An economic study released on the first day of Safari Club International’s (SCI) annual convention in Las Vegas finds that trophy hunters have grossly overstated the contribution of big game hunting to eight African economies and that overall tourism in Africa dwarfs trophy hunting as a source of revenue.
The new report, commissioned by Humane Society International and conducted by Economists at Large, finds that in Botswana, Ethiopia, Mozambique, Namibia, South Africa, Tanzania, Zambia and Zimbabwe, trophy hunting brings in just 0.78 percent or less of the overall tourism spending and has only a marginal impact on employment in those countries, providing approximately 0.76 percent or less of overall tourism jobs. The total economic contribution of trophy hunters is at most an estimated 0.03 percent of gross domestic product (GDP).
As the trophy hunting advocacy group gathers in Las Vegas this week for its 2017 Annual Hunters’ Convention, the Economists at Large/Humane Society International analysis directly refutes a 2015 report commissioned by SCI that vastly exaggerated the economic contribution of trophy hunting in Sub-Saharan Africa, and has often been cited by trophy hunters attempting to defend their ‘pay to slay’ activities. The analysis from Economists at Large identifies serious methodological flaws in SCI’s previous claims.
Masha Kalinina, international trade policy specialist for Humane Society International, says: “For too long, trophy hunters have tried to justify their activity by falsely claiming that their killing helps local economies. As this new report shows, those claims are a sham. In the African countries studied, trophy hunting contributes virtually nothing to local economies or jobs, and is dwarfed in comparison to tourism overall, including eco-safaris reliant on the very animal species whose populations hunters decimate. It’s time to stop pretending that slaughtering big game and posing for morbid selfies by their slain bodies is anything more than killing for kicks.”
Findings from the report include:
- While overall tourism in the eight study countries is between 2.8 percent and 5.1 percent of GDP, the total economic contribution of trophy hunters is, at most, an estimated 0.03 percent of GDP. As the report’s author explains: “In terms of the wider tourism economy, which relies heavily on wildlife resources, trophy hunting is relatively insignificant.”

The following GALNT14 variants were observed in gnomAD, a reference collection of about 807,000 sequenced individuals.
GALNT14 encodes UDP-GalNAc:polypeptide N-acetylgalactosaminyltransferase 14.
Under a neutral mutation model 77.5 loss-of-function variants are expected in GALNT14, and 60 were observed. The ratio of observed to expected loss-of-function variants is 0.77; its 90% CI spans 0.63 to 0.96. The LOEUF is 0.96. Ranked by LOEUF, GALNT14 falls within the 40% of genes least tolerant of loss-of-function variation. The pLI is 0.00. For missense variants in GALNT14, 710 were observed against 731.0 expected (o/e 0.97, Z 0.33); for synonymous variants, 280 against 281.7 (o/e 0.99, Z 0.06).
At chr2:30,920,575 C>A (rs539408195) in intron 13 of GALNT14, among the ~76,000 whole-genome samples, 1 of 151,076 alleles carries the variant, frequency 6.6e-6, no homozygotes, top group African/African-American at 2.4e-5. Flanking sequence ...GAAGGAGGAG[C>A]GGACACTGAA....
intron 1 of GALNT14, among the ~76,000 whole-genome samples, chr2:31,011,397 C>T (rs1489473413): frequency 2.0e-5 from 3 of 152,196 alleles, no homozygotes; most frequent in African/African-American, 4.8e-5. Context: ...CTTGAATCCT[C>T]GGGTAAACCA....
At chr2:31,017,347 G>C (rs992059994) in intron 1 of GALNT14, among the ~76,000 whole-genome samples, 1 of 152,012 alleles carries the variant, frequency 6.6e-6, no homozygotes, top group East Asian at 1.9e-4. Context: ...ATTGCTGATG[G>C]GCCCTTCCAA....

- Trophy hunting brings in less than $132 million in tourism spending to the eight study countries out of $17 billion annual tourism spending, or just 0.78 percent. SCI wrongly alleged that trophy hunting-related tourism contributes $426 million annually.
- Trophy hunting has only a marginal impact on employment in the eight countries, estimated between 7,500-15,500 jobs. Even when using inflated SCI estimates of direct employment contribution from trophy hunting (19,733 jobs), this is still only 0.76 percent of 2,589,000 average jobs generated by overall tourism.
- Non-hunting tourism industry is growing much faster and has a much brighter future in Africa. Between 2000 and 2014, overall tourism spending in the eight study countries grew every four months by as much as the annual claimed direct value of the entire trophy hunting industry ($326 million).
- Foreign trophy hunters make up less than 0.1 percent of tourists in the studied region.
- Non-trophy hunting tourism employs 132 times more people than trophy hunting.
- The average increase in tourist arrivals over 54 days in Namibia and 60 days in South Africa exceeded the total annual foreign trophy hunter arrivals. The growth over a year in general tourist numbers is about six times larger than a year’s worth of hunting tourists.
- Because trophy hunting is a tiny part of overall tourism sector, with little scope for sustained future growth, even a small effect of trophy hunting deterring growth in other tourism uses (like eco-tourism) may overwhelm its own economic benefits.
- As well as being cruel, trophy hunting is detrimental to conservation because:
- hunters kill the strongest animals that are critical to strengthening the gene pool
- hunting quotas are frequently set without a solid scientific basis
- age restrictions for hunted animals are ignored so that, for example, lions are killed as juveniles before they can contribute to the genetic pool
- corruption prevents trophy hunting funds from making it to conservation
- U.S.-based SCI is one of world’s largest pro-trophy hunting organizations with 50,000 members. It keeps a record book of kills and offers awards in dozens of categories, such as Bears of the World, South American Indigenous Animals, and the World Hunter of the Year for which a hunter must kill more than 300 animals across the globe.
- SCI’s 2017 convention features more than 900 international hunting outfitters and will auction off almost 1,000 mammals in global hunts valued at over US$5.3 million. In 2015, this convention brought in nearly US$14.4 million. Some of the most shocking SCI 2017 auction items offer up a Canadian polar bear (hunt valued at USD $72,000) and two Namibian elephants (hunts valued at USD $25,000 and USD $35,000) for the slaughter.
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